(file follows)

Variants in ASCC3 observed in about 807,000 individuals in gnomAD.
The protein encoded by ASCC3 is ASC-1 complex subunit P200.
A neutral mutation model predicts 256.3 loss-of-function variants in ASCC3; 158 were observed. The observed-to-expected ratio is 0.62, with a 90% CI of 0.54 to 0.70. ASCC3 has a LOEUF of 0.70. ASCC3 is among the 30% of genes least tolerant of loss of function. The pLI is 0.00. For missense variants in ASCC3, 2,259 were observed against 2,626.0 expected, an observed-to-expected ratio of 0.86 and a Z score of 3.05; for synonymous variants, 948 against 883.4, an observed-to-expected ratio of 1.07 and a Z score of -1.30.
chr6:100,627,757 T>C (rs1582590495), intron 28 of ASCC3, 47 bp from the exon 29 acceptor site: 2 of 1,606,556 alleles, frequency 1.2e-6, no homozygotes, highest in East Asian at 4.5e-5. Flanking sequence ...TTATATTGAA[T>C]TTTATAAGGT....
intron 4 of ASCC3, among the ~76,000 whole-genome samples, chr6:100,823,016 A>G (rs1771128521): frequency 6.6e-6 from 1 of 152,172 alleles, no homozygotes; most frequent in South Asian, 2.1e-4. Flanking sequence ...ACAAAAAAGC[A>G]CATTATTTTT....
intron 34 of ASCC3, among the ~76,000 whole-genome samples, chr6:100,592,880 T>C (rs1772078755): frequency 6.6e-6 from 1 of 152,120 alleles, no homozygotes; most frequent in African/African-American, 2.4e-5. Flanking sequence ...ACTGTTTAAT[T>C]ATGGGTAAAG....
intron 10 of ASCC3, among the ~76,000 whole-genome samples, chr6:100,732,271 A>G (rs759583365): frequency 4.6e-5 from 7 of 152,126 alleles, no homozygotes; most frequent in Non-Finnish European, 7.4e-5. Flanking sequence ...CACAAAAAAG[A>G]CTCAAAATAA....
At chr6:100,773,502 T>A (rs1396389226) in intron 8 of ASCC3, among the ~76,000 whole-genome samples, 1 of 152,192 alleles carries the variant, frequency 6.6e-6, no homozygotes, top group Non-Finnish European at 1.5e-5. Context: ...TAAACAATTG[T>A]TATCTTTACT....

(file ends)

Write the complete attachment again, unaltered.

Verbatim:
Variants in ASCC3 observed in about 807,000 individuals in gnomAD.
The protein encoded by ASCC3 is ASC-1 complex subunit P200.
A neutral mutation model predicts 256.3 loss-of-function variants in ASCC3; 158 were observed. The observed-to-expected ratio is 0.62, with a 90% CI of 0.54 to 0.70. ASCC3 has a LOEUF of 0.70. ASCC3 is among the 30% of genes least tolerant of loss of function. The pLI is 0.00. For missense variants in ASCC3, 2,259 were observed against 2,626.0 expected, an observed-to-expected ratio of 0.86 and a Z score of 3.05; for synonymous variants, 948 against 883.4, an observed-to-expected ratio of 1.07 and a Z score of -1.30.
chr6:100,627,757 T>C (rs1582590495), intron 28 of ASCC3, 47 bp from the exon 29 acceptor site: 2 of 1,606,556 alleles, frequency 1.2e-6, no homozygotes, highest in East Asian at 4.5e-5. Flanking sequence ...TTATATTGAA[T>C]TTTATAAGGT....
intron 4 of ASCC3, among the ~76,000 whole-genome samples, chr6:100,823,016 A>G (rs1771128521): frequency 6.6e-6 from 1 of 152,172 alleles, no homozygotes; most frequent in South Asian, 2.1e-4. Flanking sequence ...ACAAAAAAGC[A>G]CATTATTTTT....
intron 34 of ASCC3, among the ~76,000 whole-genome samples, chr6:100,592,880 T>C (rs1772078755): frequency 6.6e-6 from 1 of 152,120 alleles, no homozygotes; most frequent in African/African-American, 2.4e-5. Flanking sequence ...ACTGTTTAAT[T>C]ATGGGTAAAG....
intron 10 of ASCC3, among the ~76,000 whole-genome samples, chr6:100,732,271 A>G (rs759583365): frequency 4.6e-5 from 7 of 152,126 alleles, no homozygotes; most frequent in Non-Finnish European, 7.4e-5. Flanking sequence ...CACAAAAAAG[A>G]CTCAAAATAA....
At chr6:100,773,502 T>A (rs1396389226) in intron 8 of ASCC3, among the ~76,000 whole-genome samples, 1 of 152,192 alleles carries the variant, frequency 6.6e-6, no homozygotes, top group Non-Finnish European at 1.5e-5. Context: ...TAAACAATTG[T>A]TATCTTTACT....